As of July 1, 2015, owners of Residential Care Facilities for the Elderly (RCFEs) in California were required to have liability insurance in the event of elder neglect and other related injuries. The new law, which went into effect just this past summer, began as AB 1523, a bill that was sponsored by the Consumer Advocates for RCFE Reform (CARR). In the minds of many elder justice advocates, mandatory liability insurance for RCFEs represents one step toward safer care options for seniors in California. If we take a closer look at the history of the bill and the implications of mandatory liability insurance in our state, we can better understand how this new law may have an effect on incidents of nursing home abuse.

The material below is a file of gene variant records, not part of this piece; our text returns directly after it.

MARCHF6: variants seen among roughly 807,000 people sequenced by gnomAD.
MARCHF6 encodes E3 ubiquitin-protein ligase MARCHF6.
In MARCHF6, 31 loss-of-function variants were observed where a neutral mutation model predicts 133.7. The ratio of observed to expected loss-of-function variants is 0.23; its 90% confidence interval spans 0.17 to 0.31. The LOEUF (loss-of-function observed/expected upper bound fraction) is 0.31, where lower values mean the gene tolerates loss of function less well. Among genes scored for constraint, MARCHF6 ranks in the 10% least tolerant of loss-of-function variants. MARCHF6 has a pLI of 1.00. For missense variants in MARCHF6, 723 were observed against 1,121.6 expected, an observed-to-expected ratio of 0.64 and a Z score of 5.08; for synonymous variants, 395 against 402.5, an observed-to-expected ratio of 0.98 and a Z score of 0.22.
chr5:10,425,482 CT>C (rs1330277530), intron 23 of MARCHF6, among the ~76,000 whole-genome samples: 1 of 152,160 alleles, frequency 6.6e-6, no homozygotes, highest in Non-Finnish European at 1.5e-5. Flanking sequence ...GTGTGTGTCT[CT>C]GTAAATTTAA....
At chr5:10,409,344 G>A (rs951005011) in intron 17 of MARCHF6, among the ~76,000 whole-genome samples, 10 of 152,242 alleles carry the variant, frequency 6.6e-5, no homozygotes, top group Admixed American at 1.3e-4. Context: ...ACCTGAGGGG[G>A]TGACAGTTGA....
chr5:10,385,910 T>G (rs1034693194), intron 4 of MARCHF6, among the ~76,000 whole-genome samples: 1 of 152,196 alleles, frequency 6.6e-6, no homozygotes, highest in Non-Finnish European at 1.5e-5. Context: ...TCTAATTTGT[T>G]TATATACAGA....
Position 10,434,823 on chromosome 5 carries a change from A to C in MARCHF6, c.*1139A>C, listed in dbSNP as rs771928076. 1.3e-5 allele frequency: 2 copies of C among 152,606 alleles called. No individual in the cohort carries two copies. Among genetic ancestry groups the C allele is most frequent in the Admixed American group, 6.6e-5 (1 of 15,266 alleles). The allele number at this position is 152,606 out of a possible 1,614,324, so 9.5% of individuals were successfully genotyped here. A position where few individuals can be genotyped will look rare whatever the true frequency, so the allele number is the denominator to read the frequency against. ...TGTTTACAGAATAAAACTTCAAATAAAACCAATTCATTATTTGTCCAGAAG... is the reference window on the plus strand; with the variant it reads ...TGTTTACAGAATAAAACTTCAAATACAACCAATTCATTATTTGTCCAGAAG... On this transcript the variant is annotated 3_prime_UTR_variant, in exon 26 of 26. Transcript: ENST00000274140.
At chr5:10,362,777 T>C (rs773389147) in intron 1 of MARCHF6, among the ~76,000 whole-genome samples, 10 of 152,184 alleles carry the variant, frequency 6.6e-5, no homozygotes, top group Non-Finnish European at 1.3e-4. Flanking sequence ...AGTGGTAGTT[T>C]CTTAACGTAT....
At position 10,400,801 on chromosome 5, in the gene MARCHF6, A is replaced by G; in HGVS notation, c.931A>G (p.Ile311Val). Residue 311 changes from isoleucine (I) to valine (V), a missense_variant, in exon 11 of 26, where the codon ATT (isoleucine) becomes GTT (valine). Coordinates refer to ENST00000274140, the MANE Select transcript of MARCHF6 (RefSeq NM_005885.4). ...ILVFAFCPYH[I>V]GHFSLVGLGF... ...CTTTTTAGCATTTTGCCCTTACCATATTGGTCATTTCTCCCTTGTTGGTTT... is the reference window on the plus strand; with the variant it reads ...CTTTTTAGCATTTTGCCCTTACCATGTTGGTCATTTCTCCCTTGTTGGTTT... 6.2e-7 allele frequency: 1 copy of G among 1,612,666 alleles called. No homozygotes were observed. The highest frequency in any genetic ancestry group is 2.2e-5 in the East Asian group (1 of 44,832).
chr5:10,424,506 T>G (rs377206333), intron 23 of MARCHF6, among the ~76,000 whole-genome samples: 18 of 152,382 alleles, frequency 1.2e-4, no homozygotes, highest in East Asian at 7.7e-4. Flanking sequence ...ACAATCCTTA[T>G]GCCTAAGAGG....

Background to AB 1523 and the Requirement of RCFE Insurance
Over the last couple of years, numerous advocates have voiced concern about the state of the assisted-living industry in California. Many reports about elder abuse and neglect appeared in The San Diego Union-Tribune, emphasizing the need for reform measures throughout the state. One of those reforms includes the law requiring liability insurance for RCFEs. As CARR explains in a press release about the new law taking effect, the advocacy group conducted extensive research into the affordability of mandatory insurance. In short, CARR found that “the average monthly cost to a small, six-bed facility would amount to approximately $50 per month per resident.” According to CARR, $50 per month for each resident of an RCFE is “a reasonable amount by any standard.”